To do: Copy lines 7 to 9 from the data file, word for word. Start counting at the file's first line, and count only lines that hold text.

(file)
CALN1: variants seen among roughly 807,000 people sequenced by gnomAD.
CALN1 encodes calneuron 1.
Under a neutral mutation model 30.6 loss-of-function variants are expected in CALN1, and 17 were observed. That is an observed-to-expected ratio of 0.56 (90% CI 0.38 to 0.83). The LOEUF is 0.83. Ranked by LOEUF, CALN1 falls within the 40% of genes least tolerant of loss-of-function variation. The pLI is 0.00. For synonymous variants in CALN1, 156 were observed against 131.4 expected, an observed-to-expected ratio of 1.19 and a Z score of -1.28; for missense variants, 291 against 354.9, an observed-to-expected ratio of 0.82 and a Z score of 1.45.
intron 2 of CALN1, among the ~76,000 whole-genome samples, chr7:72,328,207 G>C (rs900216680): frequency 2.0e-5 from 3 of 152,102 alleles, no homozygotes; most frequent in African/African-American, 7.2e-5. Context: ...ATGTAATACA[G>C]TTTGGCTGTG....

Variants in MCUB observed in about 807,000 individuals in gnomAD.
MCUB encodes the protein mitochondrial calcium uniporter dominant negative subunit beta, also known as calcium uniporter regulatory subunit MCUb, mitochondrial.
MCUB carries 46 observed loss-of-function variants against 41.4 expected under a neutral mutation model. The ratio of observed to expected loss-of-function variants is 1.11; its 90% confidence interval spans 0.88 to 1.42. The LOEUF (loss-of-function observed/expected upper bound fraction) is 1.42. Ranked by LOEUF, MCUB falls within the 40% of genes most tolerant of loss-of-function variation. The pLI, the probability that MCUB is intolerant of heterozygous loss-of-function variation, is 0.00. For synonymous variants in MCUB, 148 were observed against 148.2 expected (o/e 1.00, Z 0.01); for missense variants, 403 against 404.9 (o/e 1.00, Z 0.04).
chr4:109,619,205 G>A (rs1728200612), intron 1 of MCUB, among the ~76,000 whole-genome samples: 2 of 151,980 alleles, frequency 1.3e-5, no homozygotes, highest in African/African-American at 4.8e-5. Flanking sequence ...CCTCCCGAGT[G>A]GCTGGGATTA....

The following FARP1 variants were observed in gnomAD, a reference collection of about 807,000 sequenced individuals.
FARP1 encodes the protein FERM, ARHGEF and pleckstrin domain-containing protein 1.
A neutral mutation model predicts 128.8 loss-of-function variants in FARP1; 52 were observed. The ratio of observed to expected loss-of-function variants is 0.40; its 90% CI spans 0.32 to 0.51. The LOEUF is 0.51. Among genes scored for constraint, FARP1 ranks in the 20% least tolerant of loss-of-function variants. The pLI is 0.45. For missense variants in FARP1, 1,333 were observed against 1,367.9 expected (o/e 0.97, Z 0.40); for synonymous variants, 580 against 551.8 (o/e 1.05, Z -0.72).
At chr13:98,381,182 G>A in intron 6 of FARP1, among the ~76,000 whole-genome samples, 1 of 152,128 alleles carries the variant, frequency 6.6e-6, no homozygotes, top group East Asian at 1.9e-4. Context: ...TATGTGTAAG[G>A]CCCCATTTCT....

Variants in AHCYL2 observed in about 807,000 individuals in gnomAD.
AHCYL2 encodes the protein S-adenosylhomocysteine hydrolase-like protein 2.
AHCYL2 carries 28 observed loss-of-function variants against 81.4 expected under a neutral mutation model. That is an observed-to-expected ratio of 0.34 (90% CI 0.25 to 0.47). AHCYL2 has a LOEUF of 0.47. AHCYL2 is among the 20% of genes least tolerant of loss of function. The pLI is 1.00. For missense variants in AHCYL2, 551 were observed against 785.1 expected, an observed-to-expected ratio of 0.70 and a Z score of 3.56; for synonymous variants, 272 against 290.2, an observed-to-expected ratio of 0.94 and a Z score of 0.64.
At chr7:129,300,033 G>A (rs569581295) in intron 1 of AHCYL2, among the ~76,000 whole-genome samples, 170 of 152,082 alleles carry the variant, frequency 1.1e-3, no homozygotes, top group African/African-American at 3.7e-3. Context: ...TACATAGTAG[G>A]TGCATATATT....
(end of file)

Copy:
MCUB carries 46 observed loss-of-function variants against 41.4 expected under a neutral mutation model. The ratio of observed to expected loss-of-function variants is 1.11; its 90% confidence interval spans 0.88 to 1.42. The LOEUF (loss-of-function observed/expected upper bound fraction) is 1.42. Ranked by LOEUF, MCUB falls within the 40% of genes most tolerant of loss-of-function variation. The pLI, the probability that MCUB is intolerant of heterozygous loss-of-function variation, is 0.00. For synonymous variants in MCUB, 148 were observed against 148.2 expected (o/e 1.00, Z 0.01); for missense variants, 403 against 404.9 (o/e 1.00, Z 0.04).
chr4:109,619,205 G>A (rs1728200612), intron 1 of MCUB, among the ~76,000 whole-genome samples: 2 of 151,980 alleles, frequency 1.3e-5, no homozygotes, highest in African/African-American at 4.8e-5. Flanking sequence ...CCTCCCGAGT[G>A]GCTGGGATTA....

The following FARP1 variants were observed in gnomAD, a reference collection of about 807,000 sequenced individuals.